Even parked under cover our truck got a coating of snow.


It was 22 degrees but the streets were wet and all the concrete pads were clear—they all had lots of residual heat in them—remember, it was 70 on Sunday.

When I waded out to measure the snow on the green it still read 3”. Clearly it had settled even though we’d added over an inch more.


Our weather station was buried in snow. It had read 34 degrees all day the day before as the snow piled up and the temperature dropped. It still thought it was 34 when the actual temperature was 22. Bless it’s little heart.

snow on weather station

My pot of flowers were well buried too.

snow on flower pot

There were icicles hanging on the edge of the deck.

icicles on deck edge

Along about lunch time, Walter noticed that there were a pair of diving ducks in the lake. I took a set of photos and they turned out to be female buffleheads.


They’d stay on the surface for maybe 10 seconds and leap up and disappear underwater. I was lucky to catch one going splash. The other dove under a moment later.

diving buffleheads

The snow stopped at about noon and the temperature maybe got up to 36 that afternoon. Then that night it got down to 18 degrees.

But Wednesday morning the sun was out! It was cold but the sun was warm!     
snow in sunshine

I’d made a little snowman with the snow on the deck so he could guard the golf balls under the snow.

little snowman

We had icicles hanging off the roof of the addition.


The metal roof seems to hold them really nicely.


We went off to town to do a little grocery shopping and get some gas for our drive back to Sahuarita at the end of the week. And when we came back the snow was nearly all gone off the green. Why you could have played golf if you wanted!

melting snow

And all the rock pathways were melted off too.

melted snow

The golf ball Lost and Found had reappeared and my snow man guard was fast disappearing.

golf balls and melted snowman

By the end of the day, all the snow was gone from the green and my snow man was nearly gone. We’d gotten up into the mid 40’s and it sure was nice not to be so cold. I love snow but two days of dark really cold days were more than enough for me. You won’t find me spending the winter in Show Low any time soon!

There are several herds of elk who call the resort home. Mostly they feed on the golf course at night and in the early morning and then bed down under the junipers on the government land adjacent to the resort. Folks have game cameras pointed out onto the golf course and we get regular photos posted on the Facebook page. All fall you could hear the elk bugling in the night. I’d not heard them last year but this year I heard them regularly. It’s an amazing sound. And while personally I’ve not seen any elk here at the resort I thought you’d enjoy a photo of one of our big bulls that got posted recently. Isn’t he grand? Someone posted a video of him bugling to get his harem to move along and the ladies were answering too. They sound like a pack of coyotes with deep undertones and super high notes.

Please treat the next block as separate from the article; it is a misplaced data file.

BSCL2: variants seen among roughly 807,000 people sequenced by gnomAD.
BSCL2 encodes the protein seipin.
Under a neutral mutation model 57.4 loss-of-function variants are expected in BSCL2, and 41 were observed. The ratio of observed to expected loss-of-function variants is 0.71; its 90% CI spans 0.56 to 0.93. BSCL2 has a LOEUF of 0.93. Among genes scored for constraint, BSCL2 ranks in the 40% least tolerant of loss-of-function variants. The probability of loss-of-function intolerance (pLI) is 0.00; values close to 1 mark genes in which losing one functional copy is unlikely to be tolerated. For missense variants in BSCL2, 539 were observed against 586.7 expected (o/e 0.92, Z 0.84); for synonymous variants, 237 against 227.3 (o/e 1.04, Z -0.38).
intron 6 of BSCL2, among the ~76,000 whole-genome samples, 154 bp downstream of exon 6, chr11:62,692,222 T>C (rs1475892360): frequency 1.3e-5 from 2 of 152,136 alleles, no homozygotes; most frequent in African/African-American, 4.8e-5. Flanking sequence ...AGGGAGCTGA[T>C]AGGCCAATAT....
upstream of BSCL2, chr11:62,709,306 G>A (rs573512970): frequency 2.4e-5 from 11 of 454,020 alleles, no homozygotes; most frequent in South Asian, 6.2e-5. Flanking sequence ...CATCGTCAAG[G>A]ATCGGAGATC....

bugling elk

Here's a photo from earlier this month.

bull elk

On October 29th, it was sunny and got up to nearly 58! The buffleheads were back but this time they weren’t diving. They were taking a bath instead.


That evening the almost full moon rose at sunset with nice color to the northeast.

full moon rising sunset  

Here’s a panorama shot with the moon reflected in the lake.


Here you get a better view of the moon and it’s reflection.

full moon reflected

And here’s the almost full moon hanging in the pink sky.

full moon

To the southwest, the sunset started out golden.


With a bit of fire in the west.


And then shifted to pink and gold.


Friday it was warmer still and we made it into the mid 60’s. The golfers were back (we’d had 2 on Thursday) and it was a simply gorgeous day. Walter even managed to fish another 10 golf balls out of the lake Friday and Saturday.

That evening, we had a 360 degree sunset.

During the early stages I walked across the street and got a shot of the color to the north on the 16th fairway.


Then things turned BRIGHT pink to the northeast.


If you look carefully you can see a white spot on the top of the roofs on the left of this picture. That’s the full moon rising. The clouds were thick enough that it disappeared into them pretty quickly and I didn’t see the whole thing until it came out of the clouds later that night.

To the southwest, it was orange and yellow—nicely reflected in the lake.   

This 180 degree panorama shot (from north to south) shows you how far the color stretched.

sunset panorama

You can even see color reflected in the left hand section of the lake.

Saturday we spent the day packing up the truck with everything that needed to go back to Sahuarita with us.

In the morning, we’ll pack up the food from the refrigerator, blow the water out of our pipes, pour some RV antifreeze (it’s potable) in all the drains (and the dishwasher and washer) and lock the place up for the winter. We hope to hit the road between 10 and noon to make the 220 mile drive home to Sahuarita—where it’s supposed to be 91 tomorrow!

Covid-19 cases are rising again in Arizona. There’s been a 52% increase in the last week statewide. We continue to stay home as much as possible (though as you can see we do get out for a drive most weeks). We’ll be staying home for Thanksgiving and Christmas this year to stay safe.